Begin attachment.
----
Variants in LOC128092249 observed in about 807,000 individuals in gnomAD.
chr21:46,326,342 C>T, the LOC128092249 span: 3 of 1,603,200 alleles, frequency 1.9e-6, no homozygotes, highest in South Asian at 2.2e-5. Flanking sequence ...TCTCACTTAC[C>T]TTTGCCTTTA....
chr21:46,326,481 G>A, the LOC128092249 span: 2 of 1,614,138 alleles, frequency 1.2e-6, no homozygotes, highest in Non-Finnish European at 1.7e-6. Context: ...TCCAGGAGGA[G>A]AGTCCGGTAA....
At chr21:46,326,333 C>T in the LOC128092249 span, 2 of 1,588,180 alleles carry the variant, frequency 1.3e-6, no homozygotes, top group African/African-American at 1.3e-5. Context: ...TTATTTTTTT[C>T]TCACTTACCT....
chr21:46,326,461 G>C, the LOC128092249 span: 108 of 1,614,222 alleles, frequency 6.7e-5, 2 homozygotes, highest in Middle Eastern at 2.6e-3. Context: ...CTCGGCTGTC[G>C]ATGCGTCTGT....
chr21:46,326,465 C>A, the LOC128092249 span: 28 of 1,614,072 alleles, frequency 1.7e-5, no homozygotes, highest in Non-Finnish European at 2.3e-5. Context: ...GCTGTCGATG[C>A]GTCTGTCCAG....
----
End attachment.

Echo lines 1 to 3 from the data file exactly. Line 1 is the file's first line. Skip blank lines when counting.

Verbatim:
Variants in LOC128092249 observed in about 807,000 individuals in gnomAD.
chr21:46,326,342 C>T, the LOC128092249 span: 3 of 1,603,200 alleles, frequency 1.9e-6, no homozygotes, highest in South Asian at 2.2e-5. Flanking sequence ...TCTCACTTAC[C>T]TTTGCCTTTA....
chr21:46,326,481 G>A, the LOC128092249 span: 2 of 1,614,138 alleles, frequency 1.2e-6, no homozygotes, highest in Non-Finnish European at 1.7e-6. Context: ...TCCAGGAGGA[G>A]AGTCCGGTAA....